Postcards from the End of [the] America[n Empire]

SUPPORT THIS PROJECT--Over 10,000 photos of Philadelphia, Albuquerque, Allentown, Ann Arbor, Ardmore, Ashland (PA), Atlanta, Atlantic City, Austin, Baltimore, Battle Mountain, Bellows Falls, Bensalem Township, Berkeley, Bethlehem, Bolivar, Boston, Bordentown, Boulder, Brooklawn (NJ), Buffalo, Burlington (NJ), Cambridge, Camden, Carbondale, Carlisle, Carmel, Cedar Rapids, Centralia, Charleston (SC), Charlotte, Chelsea (MI), Cherry Hill, Chester, Cheyenne, Chicago, Claymont (DE), Cleveland, Collingswood (NJ), Columbus, Cupertino, Daly City, Denver, Des Moines, Detroit, Dexter (MI), Dupont, Durham, El Cerrito, El Paso, Emeryville, Ewing Township (NJ), Fort Indiantown Gap, Fremont, Gary, Glassboro, Glenside (PA), Gloucester, Grinnell, Haddonfield (NJ), Harpers Ferry, Harrisburg, Hoboken, Houston, Jackson, Jersey City, Joliet, Kansas City (KS), Kansas City (MO), Kennewick, Knoxville, Lancaster, Langhorne, Laurel Springs (NJ), Levittown (PA), Lindenwold (NJ), Livonia, Los Angeles, Los Gatos, Marcus Hook, McCook, Media (PA), Milpitas, Minneapolis, Mountain View, New Haven, New Orleans, New York, Newark, New Harmony, Normal, Norristown, North Charleston, Oakland, Old Forge, Omaha, Orlando, Osceola, Overland Park, Palmyra (NJ), Palo Alto, Pasco, Penndel, Pine Barrens, Pittsburgh, Pittston, Portland, Providence, Raleigh, Redford (MI), Redwood City, Reno, Richmond, Richmond (CA), Riverside (NJ), Roebling, Rutland, Sacramento, Salt Lake City, San Antonio, San Bruno, San Francisco, San Jose, San Leandro, San Mateo, Santa Clara, Santa Cruz, Santa Monica, San Xavier del Bac, Sausalito, Savannah, Scranton, Somerdale (NJ), South San Francisco, Springfield (IL), St. Louis, St. Paul, Steelton, Stockton, Stratford (NJ), Sunnyvale, Taylor (PA), Trenton, Tucson, Union City (NJ), Ventnor, Vineland, Washington, West New York, Westmont (NJ), Wichita, Wilkes-Barre, Williston, Wilmington, Wolf Point, Woodbury (NJ) and Youngstown, etc. Outside USA: Alforja, Arles, Barcelona, Batam, Berlin, Beziers, Brighton, Budapest, Burgazada, Cambrils, Castres, Certaldo, Dresden, Ea Kar, Ea Kly, Florensac, Frankfurt, Girona, Gorlitz, Grimma, Hanoi, Halle, Hong Kong, Istanbul, Johor Bahru, Juarez, Kiev, Kinaliada, La Gi, Leipzig, London, Luban, Markkleeberg, Marseille, Mexico City, Montreal, Olargues, Phan Thiet, Prades, Prague, Puigcerda, Reus, Reykjavik, Ripoll, Rivne, Salou, San Juan Teotihuacán, Saigon, Sete, Singapore, Tarascon-sur-Ariege, Tarragona, Tepotzotlán, Thuan Nam, Toluca, Toronto, Toulouse, Vic, Vung Tau, Wegliniec, Wurzen, Zgorzelec.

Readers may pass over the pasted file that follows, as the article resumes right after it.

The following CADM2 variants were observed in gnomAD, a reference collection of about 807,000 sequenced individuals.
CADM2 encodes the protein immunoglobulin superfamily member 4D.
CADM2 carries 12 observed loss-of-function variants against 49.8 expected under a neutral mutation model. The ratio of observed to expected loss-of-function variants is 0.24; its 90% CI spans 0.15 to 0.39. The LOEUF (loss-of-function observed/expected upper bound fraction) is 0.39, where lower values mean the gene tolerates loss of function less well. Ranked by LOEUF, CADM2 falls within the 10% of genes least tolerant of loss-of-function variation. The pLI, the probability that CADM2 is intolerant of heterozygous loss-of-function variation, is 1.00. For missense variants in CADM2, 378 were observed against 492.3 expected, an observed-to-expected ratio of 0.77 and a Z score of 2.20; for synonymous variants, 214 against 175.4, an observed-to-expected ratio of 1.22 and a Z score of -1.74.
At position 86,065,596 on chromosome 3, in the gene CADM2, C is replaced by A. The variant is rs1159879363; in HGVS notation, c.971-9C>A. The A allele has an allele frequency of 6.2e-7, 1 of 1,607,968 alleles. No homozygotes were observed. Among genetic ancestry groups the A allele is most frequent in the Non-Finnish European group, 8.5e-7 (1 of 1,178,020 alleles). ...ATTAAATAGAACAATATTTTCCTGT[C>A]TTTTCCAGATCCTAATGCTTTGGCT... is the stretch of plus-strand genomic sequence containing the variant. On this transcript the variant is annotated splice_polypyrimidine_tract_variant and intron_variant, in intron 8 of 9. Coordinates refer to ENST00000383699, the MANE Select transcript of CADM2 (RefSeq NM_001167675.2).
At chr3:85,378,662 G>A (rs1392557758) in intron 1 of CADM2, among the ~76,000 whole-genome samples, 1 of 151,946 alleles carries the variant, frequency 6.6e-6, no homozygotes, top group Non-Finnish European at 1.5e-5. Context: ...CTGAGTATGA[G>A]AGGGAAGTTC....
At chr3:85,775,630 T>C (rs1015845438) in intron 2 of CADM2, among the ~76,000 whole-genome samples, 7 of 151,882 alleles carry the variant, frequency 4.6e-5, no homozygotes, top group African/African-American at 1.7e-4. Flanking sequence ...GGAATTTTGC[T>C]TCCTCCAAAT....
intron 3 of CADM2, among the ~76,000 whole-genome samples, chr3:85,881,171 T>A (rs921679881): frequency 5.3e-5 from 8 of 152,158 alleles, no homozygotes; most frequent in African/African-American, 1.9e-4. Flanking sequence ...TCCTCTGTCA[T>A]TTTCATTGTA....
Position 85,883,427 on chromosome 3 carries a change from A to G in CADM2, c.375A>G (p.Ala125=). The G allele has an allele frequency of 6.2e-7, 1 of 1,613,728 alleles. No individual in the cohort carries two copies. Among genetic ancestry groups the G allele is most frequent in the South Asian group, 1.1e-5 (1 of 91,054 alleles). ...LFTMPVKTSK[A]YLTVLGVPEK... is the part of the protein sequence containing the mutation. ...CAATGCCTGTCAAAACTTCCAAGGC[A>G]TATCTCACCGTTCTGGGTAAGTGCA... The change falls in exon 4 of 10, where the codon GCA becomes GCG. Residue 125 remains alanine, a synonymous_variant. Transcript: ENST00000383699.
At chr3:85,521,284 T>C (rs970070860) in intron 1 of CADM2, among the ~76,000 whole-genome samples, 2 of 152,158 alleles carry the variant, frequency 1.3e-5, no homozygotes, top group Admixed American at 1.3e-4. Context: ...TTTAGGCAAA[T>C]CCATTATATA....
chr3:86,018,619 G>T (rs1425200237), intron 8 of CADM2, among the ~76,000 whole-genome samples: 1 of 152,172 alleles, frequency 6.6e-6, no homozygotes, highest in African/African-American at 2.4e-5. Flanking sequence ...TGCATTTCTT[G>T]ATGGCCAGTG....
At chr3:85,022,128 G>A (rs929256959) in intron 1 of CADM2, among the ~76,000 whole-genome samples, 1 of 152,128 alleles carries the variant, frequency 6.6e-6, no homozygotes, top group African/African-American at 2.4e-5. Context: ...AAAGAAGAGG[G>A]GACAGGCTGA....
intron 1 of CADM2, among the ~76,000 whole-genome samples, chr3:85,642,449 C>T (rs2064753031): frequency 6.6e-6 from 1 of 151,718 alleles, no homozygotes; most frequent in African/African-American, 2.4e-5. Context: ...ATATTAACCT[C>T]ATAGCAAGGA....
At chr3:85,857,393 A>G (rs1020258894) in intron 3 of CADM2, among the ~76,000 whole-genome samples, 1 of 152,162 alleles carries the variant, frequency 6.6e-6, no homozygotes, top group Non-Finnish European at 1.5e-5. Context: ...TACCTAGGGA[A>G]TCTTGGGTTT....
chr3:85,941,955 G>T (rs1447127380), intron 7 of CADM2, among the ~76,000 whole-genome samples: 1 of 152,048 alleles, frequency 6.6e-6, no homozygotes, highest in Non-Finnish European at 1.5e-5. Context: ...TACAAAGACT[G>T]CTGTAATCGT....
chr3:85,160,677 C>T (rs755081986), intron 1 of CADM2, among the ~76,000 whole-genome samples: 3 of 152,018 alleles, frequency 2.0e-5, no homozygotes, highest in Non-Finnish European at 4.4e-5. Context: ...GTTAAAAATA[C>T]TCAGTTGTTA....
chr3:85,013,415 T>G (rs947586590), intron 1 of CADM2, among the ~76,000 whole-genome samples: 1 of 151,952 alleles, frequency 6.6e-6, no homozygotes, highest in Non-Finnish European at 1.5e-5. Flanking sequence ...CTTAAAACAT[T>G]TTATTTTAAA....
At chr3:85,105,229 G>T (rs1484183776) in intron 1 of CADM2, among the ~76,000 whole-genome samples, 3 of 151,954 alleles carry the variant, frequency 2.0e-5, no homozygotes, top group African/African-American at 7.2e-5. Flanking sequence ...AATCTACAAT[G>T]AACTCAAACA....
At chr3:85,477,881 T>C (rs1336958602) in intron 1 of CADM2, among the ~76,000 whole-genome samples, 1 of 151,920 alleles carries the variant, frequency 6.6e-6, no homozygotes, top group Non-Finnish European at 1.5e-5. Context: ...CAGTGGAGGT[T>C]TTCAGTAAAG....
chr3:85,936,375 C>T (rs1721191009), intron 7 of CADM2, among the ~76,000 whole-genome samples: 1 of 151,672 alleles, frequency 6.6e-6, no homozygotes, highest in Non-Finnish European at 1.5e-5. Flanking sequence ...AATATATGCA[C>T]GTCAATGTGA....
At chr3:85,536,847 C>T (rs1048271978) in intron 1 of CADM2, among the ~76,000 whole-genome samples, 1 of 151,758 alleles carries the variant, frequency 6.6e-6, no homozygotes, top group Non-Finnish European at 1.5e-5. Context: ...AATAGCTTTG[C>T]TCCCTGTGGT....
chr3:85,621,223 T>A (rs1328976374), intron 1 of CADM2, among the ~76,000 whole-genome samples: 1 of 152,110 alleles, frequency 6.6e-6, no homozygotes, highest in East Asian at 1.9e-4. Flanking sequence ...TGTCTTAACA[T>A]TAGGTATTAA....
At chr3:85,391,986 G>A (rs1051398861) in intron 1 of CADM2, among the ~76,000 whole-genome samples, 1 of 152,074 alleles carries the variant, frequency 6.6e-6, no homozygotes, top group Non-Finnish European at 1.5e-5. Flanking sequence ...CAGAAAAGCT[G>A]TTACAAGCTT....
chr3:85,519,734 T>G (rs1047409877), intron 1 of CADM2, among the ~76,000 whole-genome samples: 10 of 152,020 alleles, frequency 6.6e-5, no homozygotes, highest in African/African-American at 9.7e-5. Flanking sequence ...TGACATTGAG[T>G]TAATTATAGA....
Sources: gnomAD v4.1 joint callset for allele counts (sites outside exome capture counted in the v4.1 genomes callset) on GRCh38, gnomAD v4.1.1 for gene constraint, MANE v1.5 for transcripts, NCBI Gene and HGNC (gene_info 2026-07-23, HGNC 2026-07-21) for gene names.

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Monday, January 22, 2018

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LINSKY PHARMACY--Pennsport










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OREGON DINER--Oregon Avenue










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VIETNAM I served--Pennsport











Man with USA jacket outside O'Jung--Pennsport








[truck and owner]



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Saturday, January 20, 2018

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Anti-gun billboards near Fenway--Boston 2








[never posted, from 12/17/11]



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Friday, January 19, 2018

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Thanks for a $20 contribution from a repeat donor in San Francisco!




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Scitan in Mind

As published at Unz Review, 1/19/18:







Indoctrinated for decades by relativism, we’re supposed to consider all life styles equal and never pass judgements. There must be legitimate reasons for a culture to embrace, for example, child marriage, bride kidnapping, female circumcision, Oprah Winfrey or universal, all day long access to pornography.

Shit, though, is a hard sell, thus open sewers or public defecation don’t have too many fans. In An Area of Darkness (1964), however, V.S. Naipaul describes one, “Indians were a poetic people, he said. He himself always sought the open because he was a poet, a lover of Nature, which was the matter of his Urdu verses; and nothing was as poetic as squatting on a river bank at dawn.” The subject is a young, handsome and elegantly dressed Muslim student at “a laughable institute of education.”

With such an attitude not rare, apparently, Naipaul found “Indians defecating everywhere, on floors, in urinals for men (as a result of yogic contortions that can only be conjectured). Fearing contamination, they squat rather than sit, and every lavatory cubicle carries marks of their misses. No one notices.”

In 1990, 75.1% of Indians were defecating in the open, but by 2015, only 44.4% were, so there is progress (or regression, if you’re into venting your root chakra in the morning sun, with the birds singing, as a freight train comes into view). Counting also Indians who must use a pit, body of water or shared latrine, then it’s 56%. In 1925, Mahatma Gandhi wrote:

I learnt 35 years ago that a lavatory must be as clean as a drawing-room. I learnt this in the West. I believe that many rules about cleanliness in lavatories are observed more scrupulously in the West than in the East. There are some defects in their rules in this matter, which can be easily remedied. The cause of many of our diseases is the condition of our lavatories and our bad habit of disposing of excreta anywhere and everywhere.

In 2007, poet Vivek Narayanan wrote me from India: